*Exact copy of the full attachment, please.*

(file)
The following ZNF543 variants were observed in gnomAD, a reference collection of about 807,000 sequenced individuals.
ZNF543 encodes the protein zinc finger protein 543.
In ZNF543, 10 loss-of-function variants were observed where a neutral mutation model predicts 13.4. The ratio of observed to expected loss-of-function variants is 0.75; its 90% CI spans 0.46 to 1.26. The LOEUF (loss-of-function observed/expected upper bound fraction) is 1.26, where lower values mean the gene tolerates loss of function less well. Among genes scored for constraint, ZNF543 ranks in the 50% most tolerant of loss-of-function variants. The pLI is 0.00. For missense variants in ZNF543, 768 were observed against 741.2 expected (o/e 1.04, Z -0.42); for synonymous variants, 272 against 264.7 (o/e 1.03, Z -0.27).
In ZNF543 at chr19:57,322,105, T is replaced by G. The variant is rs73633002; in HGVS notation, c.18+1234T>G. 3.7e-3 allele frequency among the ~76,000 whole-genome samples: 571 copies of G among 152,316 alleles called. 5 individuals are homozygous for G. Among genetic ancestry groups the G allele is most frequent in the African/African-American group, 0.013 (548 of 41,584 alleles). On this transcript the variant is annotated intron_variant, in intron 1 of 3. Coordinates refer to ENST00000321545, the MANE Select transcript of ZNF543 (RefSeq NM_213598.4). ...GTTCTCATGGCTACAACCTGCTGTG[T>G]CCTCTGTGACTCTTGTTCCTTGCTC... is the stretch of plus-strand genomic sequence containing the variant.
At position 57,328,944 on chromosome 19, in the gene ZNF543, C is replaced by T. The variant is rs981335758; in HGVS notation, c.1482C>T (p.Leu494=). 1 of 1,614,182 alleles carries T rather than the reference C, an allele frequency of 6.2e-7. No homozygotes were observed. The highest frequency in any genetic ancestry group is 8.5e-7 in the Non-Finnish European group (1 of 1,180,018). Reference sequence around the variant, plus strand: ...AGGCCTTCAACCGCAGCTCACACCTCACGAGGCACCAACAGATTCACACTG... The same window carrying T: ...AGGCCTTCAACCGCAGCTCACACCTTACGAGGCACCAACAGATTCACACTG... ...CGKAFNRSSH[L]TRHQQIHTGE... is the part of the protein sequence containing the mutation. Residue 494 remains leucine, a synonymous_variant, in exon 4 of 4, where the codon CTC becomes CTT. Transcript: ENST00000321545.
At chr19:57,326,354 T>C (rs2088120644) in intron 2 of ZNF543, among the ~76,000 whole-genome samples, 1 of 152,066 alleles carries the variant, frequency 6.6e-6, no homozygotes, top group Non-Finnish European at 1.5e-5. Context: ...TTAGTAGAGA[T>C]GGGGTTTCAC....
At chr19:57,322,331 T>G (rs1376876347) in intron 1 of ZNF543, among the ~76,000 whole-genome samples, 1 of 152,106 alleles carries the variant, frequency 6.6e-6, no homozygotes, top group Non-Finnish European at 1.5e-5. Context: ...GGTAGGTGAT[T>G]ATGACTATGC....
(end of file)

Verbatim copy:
The following ZNF543 variants were observed in gnomAD, a reference collection of about 807,000 sequenced individuals.
ZNF543 encodes the protein zinc finger protein 543.
In ZNF543, 10 loss-of-function variants were observed where a neutral mutation model predicts 13.4. The ratio of observed to expected loss-of-function variants is 0.75; its 90% CI spans 0.46 to 1.26. The LOEUF (loss-of-function observed/expected upper bound fraction) is 1.26, where lower values mean the gene tolerates loss of function less well. Among genes scored for constraint, ZNF543 ranks in the 50% most tolerant of loss-of-function variants. The pLI is 0.00. For missense variants in ZNF543, 768 were observed against 741.2 expected (o/e 1.04, Z -0.42); for synonymous variants, 272 against 264.7 (o/e 1.03, Z -0.27).
In ZNF543 at chr19:57,322,105, T is replaced by G. The variant is rs73633002; in HGVS notation, c.18+1234T>G. 3.7e-3 allele frequency among the ~76,000 whole-genome samples: 571 copies of G among 152,316 alleles called. 5 individuals are homozygous for G. Among genetic ancestry groups the G allele is most frequent in the African/African-American group, 0.013 (548 of 41,584 alleles). On this transcript the variant is annotated intron_variant, in intron 1 of 3. Coordinates refer to ENST00000321545, the MANE Select transcript of ZNF543 (RefSeq NM_213598.4). ...GTTCTCATGGCTACAACCTGCTGTG[T>G]CCTCTGTGACTCTTGTTCCTTGCTC... is the stretch of plus-strand genomic sequence containing the variant.
At position 57,328,944 on chromosome 19, in the gene ZNF543, C is replaced by T. The variant is rs981335758; in HGVS notation, c.1482C>T (p.Leu494=). 1 of 1,614,182 alleles carries T rather than the reference C, an allele frequency of 6.2e-7. No homozygotes were observed. The highest frequency in any genetic ancestry group is 8.5e-7 in the Non-Finnish European group (1 of 1,180,018). Reference sequence around the variant, plus strand: ...AGGCCTTCAACCGCAGCTCACACCTCACGAGGCACCAACAGATTCACACTG... The same window carrying T: ...AGGCCTTCAACCGCAGCTCACACCTTACGAGGCACCAACAGATTCACACTG... ...CGKAFNRSSH[L]TRHQQIHTGE... is the part of the protein sequence containing the mutation. Residue 494 remains leucine, a synonymous_variant, in exon 4 of 4, where the codon CTC becomes CTT. Transcript: ENST00000321545.
At chr19:57,326,354 T>C (rs2088120644) in intron 2 of ZNF543, among the ~76,000 whole-genome samples, 1 of 152,066 alleles carries the variant, frequency 6.6e-6, no homozygotes, top group Non-Finnish European at 1.5e-5. Context: ...TTAGTAGAGA[T>C]GGGGTTTCAC....
At chr19:57,322,331 T>G (rs1376876347) in intron 1 of ZNF543, among the ~76,000 whole-genome samples, 1 of 152,106 alleles carries the variant, frequency 6.6e-6, no homozygotes, top group Non-Finnish European at 1.5e-5. Context: ...GGTAGGTGAT[T>G]ATGACTATGC....